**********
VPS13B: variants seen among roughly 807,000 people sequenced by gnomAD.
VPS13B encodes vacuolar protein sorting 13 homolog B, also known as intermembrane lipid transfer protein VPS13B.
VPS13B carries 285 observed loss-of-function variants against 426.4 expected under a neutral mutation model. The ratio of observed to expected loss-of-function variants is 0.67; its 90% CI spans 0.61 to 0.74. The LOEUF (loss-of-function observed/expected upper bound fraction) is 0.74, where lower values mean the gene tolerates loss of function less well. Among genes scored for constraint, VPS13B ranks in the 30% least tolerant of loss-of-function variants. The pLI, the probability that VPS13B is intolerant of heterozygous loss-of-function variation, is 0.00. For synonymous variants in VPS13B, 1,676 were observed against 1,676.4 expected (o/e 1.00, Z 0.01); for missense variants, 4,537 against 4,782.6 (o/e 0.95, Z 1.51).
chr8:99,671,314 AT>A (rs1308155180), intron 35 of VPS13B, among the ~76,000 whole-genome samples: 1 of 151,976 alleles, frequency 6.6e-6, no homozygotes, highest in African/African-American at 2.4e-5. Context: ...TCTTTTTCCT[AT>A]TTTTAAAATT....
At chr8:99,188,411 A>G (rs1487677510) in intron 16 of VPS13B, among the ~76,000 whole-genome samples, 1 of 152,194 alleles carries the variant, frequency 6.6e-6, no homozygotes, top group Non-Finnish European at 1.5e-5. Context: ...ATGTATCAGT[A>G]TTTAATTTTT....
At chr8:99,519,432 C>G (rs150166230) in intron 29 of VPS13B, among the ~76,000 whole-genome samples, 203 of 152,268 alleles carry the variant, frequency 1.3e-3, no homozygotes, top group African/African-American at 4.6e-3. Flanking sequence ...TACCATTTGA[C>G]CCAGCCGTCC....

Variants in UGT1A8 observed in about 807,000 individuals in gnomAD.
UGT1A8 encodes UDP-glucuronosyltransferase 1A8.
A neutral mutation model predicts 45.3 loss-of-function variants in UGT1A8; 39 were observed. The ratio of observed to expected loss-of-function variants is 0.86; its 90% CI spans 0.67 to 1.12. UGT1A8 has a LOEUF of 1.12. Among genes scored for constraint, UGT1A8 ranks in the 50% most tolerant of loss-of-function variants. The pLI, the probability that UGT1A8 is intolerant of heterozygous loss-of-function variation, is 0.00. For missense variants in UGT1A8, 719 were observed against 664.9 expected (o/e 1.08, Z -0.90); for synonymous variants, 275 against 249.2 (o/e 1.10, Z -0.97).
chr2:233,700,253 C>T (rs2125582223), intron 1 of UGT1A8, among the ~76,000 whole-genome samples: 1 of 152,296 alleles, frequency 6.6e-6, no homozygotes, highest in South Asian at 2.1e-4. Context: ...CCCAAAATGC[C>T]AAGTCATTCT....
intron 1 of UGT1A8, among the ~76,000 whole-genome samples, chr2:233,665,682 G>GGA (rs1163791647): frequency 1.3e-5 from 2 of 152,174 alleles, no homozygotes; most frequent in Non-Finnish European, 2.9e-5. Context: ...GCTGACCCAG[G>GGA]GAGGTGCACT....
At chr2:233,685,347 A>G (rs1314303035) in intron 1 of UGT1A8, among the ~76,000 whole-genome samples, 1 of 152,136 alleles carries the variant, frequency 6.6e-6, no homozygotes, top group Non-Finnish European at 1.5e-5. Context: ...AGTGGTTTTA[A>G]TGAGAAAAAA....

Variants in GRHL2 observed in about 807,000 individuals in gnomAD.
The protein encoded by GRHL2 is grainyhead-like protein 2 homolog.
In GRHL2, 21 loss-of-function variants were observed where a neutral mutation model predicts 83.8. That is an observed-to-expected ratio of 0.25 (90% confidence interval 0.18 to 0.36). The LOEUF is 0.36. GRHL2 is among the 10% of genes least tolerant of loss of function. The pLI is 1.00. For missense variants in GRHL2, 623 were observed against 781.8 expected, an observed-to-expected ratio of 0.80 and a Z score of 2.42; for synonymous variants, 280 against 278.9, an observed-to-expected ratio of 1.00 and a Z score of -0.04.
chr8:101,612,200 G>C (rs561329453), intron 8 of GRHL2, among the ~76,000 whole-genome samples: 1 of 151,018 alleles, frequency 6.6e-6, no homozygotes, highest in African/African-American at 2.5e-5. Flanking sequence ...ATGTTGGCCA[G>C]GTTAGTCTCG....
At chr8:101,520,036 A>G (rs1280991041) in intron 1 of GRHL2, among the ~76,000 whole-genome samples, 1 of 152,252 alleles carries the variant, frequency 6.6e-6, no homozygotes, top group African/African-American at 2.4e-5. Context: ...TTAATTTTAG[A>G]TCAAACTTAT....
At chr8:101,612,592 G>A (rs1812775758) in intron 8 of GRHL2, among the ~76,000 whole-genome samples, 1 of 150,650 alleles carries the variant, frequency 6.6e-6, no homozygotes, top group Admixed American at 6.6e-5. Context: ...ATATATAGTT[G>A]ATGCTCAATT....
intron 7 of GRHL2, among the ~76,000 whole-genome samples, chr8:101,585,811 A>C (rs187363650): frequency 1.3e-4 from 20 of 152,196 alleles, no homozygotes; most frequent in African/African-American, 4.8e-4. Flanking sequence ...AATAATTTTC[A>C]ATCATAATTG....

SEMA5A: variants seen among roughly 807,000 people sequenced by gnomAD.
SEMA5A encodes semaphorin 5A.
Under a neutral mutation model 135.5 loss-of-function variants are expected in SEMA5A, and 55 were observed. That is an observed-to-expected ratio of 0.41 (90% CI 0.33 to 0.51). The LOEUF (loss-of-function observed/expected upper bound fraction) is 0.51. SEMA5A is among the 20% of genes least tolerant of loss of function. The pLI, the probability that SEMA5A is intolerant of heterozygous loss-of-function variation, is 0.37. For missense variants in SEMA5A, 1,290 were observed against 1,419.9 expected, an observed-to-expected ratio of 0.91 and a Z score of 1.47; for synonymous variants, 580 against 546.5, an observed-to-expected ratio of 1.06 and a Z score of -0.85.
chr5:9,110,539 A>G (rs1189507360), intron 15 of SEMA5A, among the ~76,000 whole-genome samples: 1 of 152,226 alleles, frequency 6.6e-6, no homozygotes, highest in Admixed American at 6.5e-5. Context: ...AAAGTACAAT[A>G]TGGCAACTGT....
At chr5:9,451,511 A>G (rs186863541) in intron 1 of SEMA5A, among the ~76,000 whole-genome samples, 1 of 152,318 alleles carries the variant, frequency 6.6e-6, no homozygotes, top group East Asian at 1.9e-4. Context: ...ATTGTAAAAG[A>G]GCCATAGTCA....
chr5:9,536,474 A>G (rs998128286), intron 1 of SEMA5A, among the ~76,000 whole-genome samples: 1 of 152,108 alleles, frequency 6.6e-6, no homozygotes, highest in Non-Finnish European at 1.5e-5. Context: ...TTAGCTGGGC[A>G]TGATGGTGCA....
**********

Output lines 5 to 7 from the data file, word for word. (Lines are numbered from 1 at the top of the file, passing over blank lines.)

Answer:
At chr8:99,188,411 A>G (rs1487677510) in intron 16 of VPS13B, among the ~76,000 whole-genome samples, 1 of 152,194 alleles carries the variant, frequency 6.6e-6, no homozygotes, top group Non-Finnish European at 1.5e-5. Context: ...ATGTATCAGT[A>G]TTTAATTTTT....
At chr8:99,519,432 C>G (rs150166230) in intron 29 of VPS13B, among the ~76,000 whole-genome samples, 203 of 152,268 alleles carry the variant, frequency 1.3e-3, no homozygotes, top group African/African-American at 4.6e-3. Flanking sequence ...TACCATTTGA[C>G]CCAGCCGTCC....

Variants in UGT1A8 observed in about 807,000 individuals in gnomAD.